Friday, 21 August 2009 10:03 UK
By Victoria Gill
Science reporter, BBC News
The wrinkle-faced bat's strangely shaped skull gives it a remarkably strong bite force, say scientists.
Researchers report in the Journal of Zoology that this bizarre-looking bat has evolved a powerful bite that may give it an advantage over other bats.
It allows it to eat a broader range of foods than other small fruit-eaters with weaker bites.
The tiny creature, which weighs just 17g, produces bite forces up to 20% higher than other bats of similar size.
The Centurio senex bat has a extremely short and wide skull, the shape of which has long puzzled evolutionary biologists.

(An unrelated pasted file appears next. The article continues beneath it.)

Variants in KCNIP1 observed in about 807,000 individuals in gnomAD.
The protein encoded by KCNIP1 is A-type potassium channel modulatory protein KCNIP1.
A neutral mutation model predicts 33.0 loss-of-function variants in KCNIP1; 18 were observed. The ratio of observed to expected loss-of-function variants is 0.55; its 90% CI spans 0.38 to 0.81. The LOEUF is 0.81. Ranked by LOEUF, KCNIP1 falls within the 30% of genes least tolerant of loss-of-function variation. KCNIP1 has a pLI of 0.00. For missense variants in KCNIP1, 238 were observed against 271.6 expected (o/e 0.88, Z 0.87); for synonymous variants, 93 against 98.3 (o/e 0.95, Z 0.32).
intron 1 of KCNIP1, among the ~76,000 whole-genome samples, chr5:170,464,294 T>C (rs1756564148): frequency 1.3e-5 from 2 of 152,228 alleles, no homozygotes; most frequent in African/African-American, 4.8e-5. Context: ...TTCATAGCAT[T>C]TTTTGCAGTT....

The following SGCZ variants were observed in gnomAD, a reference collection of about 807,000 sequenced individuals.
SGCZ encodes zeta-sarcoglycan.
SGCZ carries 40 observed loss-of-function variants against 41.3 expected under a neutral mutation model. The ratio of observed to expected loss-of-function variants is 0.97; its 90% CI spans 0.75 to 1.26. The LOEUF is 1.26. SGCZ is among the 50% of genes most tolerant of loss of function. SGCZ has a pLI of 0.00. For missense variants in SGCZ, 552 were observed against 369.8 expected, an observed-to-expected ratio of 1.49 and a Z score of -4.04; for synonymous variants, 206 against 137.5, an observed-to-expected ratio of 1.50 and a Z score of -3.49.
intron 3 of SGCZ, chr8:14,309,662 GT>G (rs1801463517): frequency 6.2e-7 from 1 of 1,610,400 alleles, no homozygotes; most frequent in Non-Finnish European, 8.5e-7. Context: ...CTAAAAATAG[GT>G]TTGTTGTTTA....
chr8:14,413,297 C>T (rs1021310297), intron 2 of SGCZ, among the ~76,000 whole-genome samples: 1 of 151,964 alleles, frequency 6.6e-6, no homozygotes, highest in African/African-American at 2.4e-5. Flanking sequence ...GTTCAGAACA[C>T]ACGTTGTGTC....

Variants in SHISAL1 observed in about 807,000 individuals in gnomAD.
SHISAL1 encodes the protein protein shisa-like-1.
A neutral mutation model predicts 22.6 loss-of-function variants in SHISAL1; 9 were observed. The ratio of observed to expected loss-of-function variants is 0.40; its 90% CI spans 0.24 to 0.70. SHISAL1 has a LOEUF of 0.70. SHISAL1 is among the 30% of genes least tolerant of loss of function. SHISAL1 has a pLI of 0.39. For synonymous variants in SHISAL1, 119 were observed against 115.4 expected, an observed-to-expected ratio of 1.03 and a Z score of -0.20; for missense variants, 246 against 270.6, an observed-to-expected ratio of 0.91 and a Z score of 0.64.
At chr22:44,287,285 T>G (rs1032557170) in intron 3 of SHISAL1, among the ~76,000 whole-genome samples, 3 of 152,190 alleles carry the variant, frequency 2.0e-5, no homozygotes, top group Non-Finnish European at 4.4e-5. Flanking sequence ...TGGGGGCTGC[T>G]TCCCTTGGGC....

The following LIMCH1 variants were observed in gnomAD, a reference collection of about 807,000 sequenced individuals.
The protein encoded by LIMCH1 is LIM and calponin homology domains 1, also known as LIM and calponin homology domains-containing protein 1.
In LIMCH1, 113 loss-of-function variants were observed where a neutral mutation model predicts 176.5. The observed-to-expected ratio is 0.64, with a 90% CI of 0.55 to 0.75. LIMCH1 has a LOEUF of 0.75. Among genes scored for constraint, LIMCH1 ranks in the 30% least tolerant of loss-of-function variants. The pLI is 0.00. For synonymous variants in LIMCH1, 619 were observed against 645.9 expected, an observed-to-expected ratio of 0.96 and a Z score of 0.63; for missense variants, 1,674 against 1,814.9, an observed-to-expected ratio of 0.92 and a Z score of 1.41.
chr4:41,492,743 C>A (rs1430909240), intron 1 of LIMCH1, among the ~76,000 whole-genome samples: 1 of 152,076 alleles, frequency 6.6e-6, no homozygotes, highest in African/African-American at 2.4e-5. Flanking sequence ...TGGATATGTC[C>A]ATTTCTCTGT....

"We found that relative to head size, Centurio generates the strongest bites known for any fruit-eating phyllostomid (or leaf-nosed) bat," explained lead author Elizabeth Dumont from the University of Massachusetts Amherst in the US.
They proposed that a shortage of softer fruits during "lean times" may have provided a selective pressure, driving the evolution of its oddly-shaped skull.
"The New World leaf-nosed family of bats exhibits spectacular diversity in diet," explained Professor Dumont.
"Centurio is a dedicated fruit-eater, but the family also contains insect-eaters, nectar-feeders, species that eat small vertebrates - such as lizards, frogs, rodents - and vampire bats.
"Although Centurio looks ferocious, it is a small and gentle animal."
More photos at: http://news.bbc.co.uk/1/hi/sci/tech/8197052.stm
ANDREW MAY: Words from the Wild Frontier
18 hours ago